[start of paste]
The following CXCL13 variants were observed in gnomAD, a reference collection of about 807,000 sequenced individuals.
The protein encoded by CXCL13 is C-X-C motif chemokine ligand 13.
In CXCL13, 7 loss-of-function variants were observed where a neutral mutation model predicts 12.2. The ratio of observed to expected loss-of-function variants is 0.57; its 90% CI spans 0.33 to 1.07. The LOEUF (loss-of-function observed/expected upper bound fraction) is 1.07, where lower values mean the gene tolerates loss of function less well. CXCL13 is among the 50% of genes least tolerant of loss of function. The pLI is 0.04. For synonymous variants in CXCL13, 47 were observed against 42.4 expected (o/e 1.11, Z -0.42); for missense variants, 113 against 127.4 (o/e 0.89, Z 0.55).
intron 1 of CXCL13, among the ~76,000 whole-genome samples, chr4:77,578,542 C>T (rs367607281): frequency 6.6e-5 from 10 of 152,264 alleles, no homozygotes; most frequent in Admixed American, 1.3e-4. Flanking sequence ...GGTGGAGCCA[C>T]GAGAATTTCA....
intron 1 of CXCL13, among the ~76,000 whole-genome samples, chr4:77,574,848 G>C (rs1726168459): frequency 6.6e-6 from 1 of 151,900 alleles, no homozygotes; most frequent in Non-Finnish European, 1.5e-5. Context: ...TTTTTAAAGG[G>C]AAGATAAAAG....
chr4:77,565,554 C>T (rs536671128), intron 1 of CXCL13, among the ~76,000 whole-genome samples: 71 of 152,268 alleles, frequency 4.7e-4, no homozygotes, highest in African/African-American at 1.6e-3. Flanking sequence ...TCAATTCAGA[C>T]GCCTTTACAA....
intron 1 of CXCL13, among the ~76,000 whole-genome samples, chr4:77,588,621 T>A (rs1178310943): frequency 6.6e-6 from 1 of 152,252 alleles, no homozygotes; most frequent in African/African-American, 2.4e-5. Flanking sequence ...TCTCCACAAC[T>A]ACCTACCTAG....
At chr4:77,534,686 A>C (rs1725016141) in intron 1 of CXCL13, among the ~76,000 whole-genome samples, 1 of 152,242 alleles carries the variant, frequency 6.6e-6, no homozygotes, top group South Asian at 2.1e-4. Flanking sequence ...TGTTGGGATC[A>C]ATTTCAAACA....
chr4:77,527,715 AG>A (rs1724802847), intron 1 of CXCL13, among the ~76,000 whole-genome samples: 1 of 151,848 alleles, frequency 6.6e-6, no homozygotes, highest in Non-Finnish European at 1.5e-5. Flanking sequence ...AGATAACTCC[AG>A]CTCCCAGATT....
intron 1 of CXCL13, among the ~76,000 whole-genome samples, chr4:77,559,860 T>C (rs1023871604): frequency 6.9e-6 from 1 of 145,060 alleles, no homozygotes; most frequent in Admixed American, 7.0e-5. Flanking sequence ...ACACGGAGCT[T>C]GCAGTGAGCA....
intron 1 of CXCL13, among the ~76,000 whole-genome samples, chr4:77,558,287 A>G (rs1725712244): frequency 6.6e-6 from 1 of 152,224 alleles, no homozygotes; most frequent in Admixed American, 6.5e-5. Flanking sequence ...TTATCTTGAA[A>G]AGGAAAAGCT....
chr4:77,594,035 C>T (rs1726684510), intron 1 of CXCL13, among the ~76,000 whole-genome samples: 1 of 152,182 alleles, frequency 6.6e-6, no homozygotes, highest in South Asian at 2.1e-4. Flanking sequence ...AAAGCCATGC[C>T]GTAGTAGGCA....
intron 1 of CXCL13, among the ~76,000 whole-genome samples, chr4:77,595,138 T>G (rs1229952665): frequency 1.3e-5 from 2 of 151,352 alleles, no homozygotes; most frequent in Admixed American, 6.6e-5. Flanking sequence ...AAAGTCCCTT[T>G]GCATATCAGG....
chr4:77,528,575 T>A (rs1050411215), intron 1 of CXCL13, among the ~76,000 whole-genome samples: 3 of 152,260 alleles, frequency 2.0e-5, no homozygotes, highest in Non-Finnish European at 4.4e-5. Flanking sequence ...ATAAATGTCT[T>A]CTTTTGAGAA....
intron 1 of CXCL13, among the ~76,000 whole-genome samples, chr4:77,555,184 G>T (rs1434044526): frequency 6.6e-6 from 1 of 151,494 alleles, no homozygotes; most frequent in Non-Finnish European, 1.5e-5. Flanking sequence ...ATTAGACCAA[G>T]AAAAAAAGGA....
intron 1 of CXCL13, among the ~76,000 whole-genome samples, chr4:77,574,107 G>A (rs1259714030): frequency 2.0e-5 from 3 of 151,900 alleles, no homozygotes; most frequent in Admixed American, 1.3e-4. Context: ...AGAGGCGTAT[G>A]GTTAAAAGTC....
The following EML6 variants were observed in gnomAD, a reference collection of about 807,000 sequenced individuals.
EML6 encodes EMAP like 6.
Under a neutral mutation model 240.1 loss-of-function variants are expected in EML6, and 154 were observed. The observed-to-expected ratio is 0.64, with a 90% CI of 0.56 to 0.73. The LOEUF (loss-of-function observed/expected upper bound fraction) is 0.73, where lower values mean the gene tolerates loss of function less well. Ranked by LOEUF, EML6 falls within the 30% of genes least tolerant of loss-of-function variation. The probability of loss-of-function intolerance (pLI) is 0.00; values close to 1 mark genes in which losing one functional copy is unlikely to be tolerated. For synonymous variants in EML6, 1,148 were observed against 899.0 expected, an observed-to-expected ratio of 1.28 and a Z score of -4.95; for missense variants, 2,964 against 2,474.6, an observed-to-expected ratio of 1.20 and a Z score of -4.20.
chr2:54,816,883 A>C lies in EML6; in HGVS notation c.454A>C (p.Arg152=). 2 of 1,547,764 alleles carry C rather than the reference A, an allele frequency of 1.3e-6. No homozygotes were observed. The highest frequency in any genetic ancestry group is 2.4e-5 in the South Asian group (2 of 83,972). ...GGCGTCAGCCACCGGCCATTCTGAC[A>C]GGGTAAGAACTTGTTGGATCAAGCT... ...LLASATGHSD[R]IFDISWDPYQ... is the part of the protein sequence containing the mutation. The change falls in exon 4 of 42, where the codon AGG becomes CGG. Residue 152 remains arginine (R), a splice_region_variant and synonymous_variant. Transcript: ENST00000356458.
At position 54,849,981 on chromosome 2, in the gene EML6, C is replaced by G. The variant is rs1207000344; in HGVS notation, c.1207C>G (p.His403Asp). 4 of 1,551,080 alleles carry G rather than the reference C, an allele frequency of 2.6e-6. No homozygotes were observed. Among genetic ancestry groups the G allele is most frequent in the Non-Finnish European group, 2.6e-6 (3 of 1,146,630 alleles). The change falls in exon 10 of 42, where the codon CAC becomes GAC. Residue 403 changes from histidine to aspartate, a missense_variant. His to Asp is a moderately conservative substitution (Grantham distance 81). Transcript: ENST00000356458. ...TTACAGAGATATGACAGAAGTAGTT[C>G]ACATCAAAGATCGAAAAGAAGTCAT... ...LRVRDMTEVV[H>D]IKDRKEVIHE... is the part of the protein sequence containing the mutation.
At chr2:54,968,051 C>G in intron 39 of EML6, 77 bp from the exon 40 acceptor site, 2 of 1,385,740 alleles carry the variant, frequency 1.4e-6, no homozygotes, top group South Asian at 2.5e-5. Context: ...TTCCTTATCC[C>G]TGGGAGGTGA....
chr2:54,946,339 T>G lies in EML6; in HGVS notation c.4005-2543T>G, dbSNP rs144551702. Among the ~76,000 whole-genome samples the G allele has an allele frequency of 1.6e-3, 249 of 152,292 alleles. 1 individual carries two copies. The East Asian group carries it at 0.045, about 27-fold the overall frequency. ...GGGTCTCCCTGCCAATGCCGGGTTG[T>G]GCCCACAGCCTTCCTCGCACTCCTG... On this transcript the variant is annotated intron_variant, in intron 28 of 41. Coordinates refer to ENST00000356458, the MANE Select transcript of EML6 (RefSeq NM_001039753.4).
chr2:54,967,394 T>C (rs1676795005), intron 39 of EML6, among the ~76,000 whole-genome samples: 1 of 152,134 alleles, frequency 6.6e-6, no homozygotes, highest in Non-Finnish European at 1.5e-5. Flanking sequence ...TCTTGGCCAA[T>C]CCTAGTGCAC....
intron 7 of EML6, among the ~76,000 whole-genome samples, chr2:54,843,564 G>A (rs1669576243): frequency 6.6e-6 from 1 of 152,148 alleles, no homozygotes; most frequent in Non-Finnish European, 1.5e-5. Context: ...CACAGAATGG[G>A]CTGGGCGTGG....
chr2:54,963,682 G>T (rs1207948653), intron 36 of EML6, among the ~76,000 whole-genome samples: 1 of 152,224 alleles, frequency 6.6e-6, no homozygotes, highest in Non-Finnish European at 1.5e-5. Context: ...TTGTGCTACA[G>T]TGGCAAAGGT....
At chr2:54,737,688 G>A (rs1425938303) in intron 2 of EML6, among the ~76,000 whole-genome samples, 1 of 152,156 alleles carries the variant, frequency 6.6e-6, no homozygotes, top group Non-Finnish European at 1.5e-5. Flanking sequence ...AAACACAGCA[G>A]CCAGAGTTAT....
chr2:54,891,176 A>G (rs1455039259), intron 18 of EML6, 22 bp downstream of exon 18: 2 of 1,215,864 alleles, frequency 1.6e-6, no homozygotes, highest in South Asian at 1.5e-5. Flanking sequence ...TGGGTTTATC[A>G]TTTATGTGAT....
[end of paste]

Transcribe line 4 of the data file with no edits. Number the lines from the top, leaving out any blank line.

intron 1 of CXCL13, among the ~76,000 whole-genome samples, chr4:77,578,542 C>T (rs367607281): frequency 6.6e-5 from 10 of 152,264 alleles, no homozygotes; most frequent in Admixed American, 1.3e-4. Flanking sequence ...GGTGGAGCCA[C>T]GAGAATTTCA....